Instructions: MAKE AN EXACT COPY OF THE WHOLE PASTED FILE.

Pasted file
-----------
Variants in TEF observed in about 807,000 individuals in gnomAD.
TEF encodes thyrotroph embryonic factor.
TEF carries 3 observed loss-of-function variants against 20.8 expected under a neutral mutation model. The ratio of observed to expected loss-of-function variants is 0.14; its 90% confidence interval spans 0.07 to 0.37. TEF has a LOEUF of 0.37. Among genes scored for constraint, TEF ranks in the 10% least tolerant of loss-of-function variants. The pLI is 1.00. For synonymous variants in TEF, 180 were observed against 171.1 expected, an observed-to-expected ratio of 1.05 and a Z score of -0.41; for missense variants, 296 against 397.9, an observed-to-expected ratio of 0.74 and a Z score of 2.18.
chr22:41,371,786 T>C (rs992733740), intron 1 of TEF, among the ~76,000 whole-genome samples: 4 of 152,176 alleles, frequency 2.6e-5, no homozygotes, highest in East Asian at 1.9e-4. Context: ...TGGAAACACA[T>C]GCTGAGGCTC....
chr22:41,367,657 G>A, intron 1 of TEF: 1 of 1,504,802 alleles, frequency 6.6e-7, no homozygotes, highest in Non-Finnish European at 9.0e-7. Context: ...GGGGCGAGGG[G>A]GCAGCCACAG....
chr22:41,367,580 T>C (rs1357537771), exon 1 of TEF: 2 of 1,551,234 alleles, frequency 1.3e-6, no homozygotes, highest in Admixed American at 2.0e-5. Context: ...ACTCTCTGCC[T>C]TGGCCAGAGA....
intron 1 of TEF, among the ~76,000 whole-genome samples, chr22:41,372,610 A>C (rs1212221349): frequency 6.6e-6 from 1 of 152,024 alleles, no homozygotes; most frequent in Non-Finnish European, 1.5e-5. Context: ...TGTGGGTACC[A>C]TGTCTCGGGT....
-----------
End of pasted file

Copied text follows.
Variants in TEF observed in about 807,000 individuals in gnomAD.
TEF encodes thyrotroph embryonic factor.
TEF carries 3 observed loss-of-function variants against 20.8 expected under a neutral mutation model. The ratio of observed to expected loss-of-function variants is 0.14; its 90% confidence interval spans 0.07 to 0.37. TEF has a LOEUF of 0.37. Among genes scored for constraint, TEF ranks in the 10% least tolerant of loss-of-function variants. The pLI is 1.00. For synonymous variants in TEF, 180 were observed against 171.1 expected, an observed-to-expected ratio of 1.05 and a Z score of -0.41; for missense variants, 296 against 397.9, an observed-to-expected ratio of 0.74 and a Z score of 2.18.
chr22:41,371,786 T>C (rs992733740), intron 1 of TEF, among the ~76,000 whole-genome samples: 4 of 152,176 alleles, frequency 2.6e-5, no homozygotes, highest in East Asian at 1.9e-4. Context: ...TGGAAACACA[T>C]GCTGAGGCTC....
chr22:41,367,657 G>A, intron 1 of TEF: 1 of 1,504,802 alleles, frequency 6.6e-7, no homozygotes, highest in Non-Finnish European at 9.0e-7. Context: ...GGGGCGAGGG[G>A]GCAGCCACAG....
chr22:41,367,580 T>C (rs1357537771), exon 1 of TEF: 2 of 1,551,234 alleles, frequency 1.3e-6, no homozygotes, highest in Admixed American at 2.0e-5. Context: ...ACTCTCTGCC[T>C]TGGCCAGAGA....
intron 1 of TEF, among the ~76,000 whole-genome samples, chr22:41,372,610 A>C (rs1212221349): frequency 6.6e-6 from 1 of 152,024 alleles, no homozygotes; most frequent in Non-Finnish European, 1.5e-5. Context: ...TGTGGGTACC[A>C]TGTCTCGGGT....